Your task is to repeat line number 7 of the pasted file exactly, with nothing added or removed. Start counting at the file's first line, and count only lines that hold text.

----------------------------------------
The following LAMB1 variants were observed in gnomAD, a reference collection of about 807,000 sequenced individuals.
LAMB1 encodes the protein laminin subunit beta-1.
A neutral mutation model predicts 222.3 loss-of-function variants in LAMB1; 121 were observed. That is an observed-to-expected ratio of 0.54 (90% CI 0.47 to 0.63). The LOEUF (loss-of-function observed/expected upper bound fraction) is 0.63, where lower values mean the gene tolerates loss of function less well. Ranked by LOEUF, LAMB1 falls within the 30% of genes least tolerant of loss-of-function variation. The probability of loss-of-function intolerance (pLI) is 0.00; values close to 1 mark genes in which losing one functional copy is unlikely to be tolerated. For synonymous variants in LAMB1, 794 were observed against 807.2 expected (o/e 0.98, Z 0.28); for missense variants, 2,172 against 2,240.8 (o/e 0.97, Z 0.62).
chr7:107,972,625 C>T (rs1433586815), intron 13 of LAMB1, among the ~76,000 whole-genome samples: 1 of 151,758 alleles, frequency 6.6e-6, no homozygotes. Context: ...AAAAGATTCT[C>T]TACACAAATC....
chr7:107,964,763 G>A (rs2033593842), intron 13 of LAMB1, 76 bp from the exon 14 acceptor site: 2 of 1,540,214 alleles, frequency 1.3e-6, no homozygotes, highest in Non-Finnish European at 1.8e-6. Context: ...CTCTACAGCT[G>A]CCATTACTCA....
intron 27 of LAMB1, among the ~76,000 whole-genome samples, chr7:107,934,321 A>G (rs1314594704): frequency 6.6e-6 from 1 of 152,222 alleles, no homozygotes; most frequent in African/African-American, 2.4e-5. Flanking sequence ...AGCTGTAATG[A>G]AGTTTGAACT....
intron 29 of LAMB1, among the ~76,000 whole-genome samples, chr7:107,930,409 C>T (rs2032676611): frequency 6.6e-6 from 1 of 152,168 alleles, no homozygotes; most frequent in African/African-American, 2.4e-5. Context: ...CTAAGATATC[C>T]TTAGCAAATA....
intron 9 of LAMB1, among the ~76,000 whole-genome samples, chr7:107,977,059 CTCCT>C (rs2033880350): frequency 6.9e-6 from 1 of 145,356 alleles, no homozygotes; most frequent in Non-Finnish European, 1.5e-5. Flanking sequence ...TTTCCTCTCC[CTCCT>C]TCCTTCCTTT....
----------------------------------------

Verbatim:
intron 29 of LAMB1, among the ~76,000 whole-genome samples, chr7:107,930,409 C>T (rs2032676611): frequency 6.6e-6 from 1 of 152,168 alleles, no homozygotes; most frequent in African/African-American, 2.4e-5. Context: ...CTAAGATATC[C>T]TTAGCAAATA....